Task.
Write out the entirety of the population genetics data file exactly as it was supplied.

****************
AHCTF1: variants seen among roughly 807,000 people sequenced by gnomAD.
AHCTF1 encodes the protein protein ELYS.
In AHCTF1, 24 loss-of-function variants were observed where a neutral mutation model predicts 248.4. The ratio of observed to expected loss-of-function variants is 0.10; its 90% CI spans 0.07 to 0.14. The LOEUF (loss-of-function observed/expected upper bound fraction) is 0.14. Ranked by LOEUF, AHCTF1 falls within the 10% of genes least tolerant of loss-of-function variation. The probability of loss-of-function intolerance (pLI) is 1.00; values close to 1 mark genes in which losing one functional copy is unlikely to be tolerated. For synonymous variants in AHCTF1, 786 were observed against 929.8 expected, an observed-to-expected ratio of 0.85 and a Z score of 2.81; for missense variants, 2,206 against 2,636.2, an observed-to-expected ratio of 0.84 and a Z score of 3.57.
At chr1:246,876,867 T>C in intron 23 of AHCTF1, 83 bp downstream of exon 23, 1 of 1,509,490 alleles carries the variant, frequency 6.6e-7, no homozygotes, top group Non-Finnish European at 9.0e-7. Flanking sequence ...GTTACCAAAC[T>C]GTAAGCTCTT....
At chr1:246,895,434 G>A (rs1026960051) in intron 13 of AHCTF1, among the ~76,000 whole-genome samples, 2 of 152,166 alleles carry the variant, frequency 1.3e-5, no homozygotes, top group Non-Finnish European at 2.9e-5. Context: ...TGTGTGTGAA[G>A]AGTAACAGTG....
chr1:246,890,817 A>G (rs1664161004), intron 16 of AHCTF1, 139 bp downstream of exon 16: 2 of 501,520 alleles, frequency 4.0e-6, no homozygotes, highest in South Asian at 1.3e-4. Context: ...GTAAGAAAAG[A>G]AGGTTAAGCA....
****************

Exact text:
AHCTF1: variants seen among roughly 807,000 people sequenced by gnomAD.
AHCTF1 encodes the protein protein ELYS.
In AHCTF1, 24 loss-of-function variants were observed where a neutral mutation model predicts 248.4. The ratio of observed to expected loss-of-function variants is 0.10; its 90% CI spans 0.07 to 0.14. The LOEUF (loss-of-function observed/expected upper bound fraction) is 0.14. Ranked by LOEUF, AHCTF1 falls within the 10% of genes least tolerant of loss-of-function variation. The probability of loss-of-function intolerance (pLI) is 1.00; values close to 1 mark genes in which losing one functional copy is unlikely to be tolerated. For synonymous variants in AHCTF1, 786 were observed against 929.8 expected, an observed-to-expected ratio of 0.85 and a Z score of 2.81; for missense variants, 2,206 against 2,636.2, an observed-to-expected ratio of 0.84 and a Z score of 3.57.
At chr1:246,876,867 T>C in intron 23 of AHCTF1, 83 bp downstream of exon 23, 1 of 1,509,490 alleles carries the variant, frequency 6.6e-7, no homozygotes, top group Non-Finnish European at 9.0e-7. Flanking sequence ...GTTACCAAAC[T>C]GTAAGCTCTT....
At chr1:246,895,434 G>A (rs1026960051) in intron 13 of AHCTF1, among the ~76,000 whole-genome samples, 2 of 152,166 alleles carry the variant, frequency 1.3e-5, no homozygotes, top group Non-Finnish European at 2.9e-5. Context: ...TGTGTGTGAA[G>A]AGTAACAGTG....
chr1:246,890,817 A>G (rs1664161004), intron 16 of AHCTF1, 139 bp downstream of exon 16: 2 of 501,520 alleles, frequency 4.0e-6, no homozygotes, highest in South Asian at 1.3e-4. Context: ...GTAAGAAAAG[A>G]AGGTTAAGCA....